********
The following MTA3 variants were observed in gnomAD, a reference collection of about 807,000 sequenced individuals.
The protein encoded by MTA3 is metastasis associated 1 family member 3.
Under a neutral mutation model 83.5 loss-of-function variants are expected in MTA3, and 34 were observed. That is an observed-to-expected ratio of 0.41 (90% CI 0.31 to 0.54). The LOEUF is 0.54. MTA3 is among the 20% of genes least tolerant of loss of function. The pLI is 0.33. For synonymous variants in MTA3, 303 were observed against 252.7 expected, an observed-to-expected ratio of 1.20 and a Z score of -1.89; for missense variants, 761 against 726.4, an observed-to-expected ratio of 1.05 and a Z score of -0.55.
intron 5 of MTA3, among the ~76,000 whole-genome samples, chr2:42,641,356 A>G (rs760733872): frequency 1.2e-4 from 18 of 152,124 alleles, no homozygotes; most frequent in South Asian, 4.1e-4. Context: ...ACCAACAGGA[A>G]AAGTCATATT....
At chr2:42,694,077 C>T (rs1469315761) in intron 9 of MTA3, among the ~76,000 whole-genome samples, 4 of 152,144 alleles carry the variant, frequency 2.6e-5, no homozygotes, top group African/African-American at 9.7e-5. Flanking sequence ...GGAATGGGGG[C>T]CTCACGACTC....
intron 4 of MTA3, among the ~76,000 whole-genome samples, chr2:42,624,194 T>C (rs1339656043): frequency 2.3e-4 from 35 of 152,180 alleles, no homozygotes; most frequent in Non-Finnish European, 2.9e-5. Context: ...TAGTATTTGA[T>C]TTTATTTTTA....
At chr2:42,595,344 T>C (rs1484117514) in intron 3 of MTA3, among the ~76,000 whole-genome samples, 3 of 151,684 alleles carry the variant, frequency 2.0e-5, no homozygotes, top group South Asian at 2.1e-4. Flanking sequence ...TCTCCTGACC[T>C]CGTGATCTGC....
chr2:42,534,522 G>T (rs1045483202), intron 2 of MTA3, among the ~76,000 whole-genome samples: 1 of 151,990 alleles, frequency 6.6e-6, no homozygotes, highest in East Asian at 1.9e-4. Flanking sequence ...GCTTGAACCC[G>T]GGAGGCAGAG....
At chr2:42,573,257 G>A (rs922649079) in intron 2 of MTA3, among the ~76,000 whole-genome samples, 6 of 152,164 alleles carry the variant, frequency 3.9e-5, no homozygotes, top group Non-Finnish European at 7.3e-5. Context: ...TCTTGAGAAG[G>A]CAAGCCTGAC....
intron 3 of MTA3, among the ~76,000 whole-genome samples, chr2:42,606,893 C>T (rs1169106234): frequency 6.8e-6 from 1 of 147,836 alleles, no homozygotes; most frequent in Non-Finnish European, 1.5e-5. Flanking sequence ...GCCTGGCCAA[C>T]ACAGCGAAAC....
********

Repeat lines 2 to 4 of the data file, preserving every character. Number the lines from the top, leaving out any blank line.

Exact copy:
The protein encoded by MTA3 is metastasis associated 1 family member 3.
Under a neutral mutation model 83.5 loss-of-function variants are expected in MTA3, and 34 were observed. That is an observed-to-expected ratio of 0.41 (90% CI 0.31 to 0.54). The LOEUF is 0.54. MTA3 is among the 20% of genes least tolerant of loss of function. The pLI is 0.33. For synonymous variants in MTA3, 303 were observed against 252.7 expected, an observed-to-expected ratio of 1.20 and a Z score of -1.89; for missense variants, 761 against 726.4, an observed-to-expected ratio of 1.05 and a Z score of -0.55.
intron 5 of MTA3, among the ~76,000 whole-genome samples, chr2:42,641,356 A>G (rs760733872): frequency 1.2e-4 from 18 of 152,124 alleles, no homozygotes; most frequent in South Asian, 4.1e-4. Context: ...ACCAACAGGA[A>G]AAGTCATATT....